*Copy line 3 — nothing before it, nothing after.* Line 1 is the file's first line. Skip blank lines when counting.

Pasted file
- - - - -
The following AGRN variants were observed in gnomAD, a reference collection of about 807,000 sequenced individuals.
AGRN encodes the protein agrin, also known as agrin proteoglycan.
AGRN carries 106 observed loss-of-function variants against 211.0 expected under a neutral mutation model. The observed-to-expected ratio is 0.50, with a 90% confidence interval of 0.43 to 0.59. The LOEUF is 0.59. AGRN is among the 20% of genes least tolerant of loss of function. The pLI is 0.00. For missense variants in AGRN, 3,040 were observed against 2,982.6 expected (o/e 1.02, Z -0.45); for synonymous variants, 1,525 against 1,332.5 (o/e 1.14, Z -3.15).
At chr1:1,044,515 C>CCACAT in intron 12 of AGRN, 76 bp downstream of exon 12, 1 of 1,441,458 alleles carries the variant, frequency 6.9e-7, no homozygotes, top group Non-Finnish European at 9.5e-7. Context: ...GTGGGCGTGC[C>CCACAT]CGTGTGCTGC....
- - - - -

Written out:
AGRN carries 106 observed loss-of-function variants against 211.0 expected under a neutral mutation model. The observed-to-expected ratio is 0.50, with a 90% confidence interval of 0.43 to 0.59. The LOEUF is 0.59. AGRN is among the 20% of genes least tolerant of loss of function. The pLI is 0.00. For missense variants in AGRN, 3,040 were observed against 2,982.6 expected (o/e 1.02, Z -0.45); for synonymous variants, 1,525 against 1,332.5 (o/e 1.14, Z -3.15).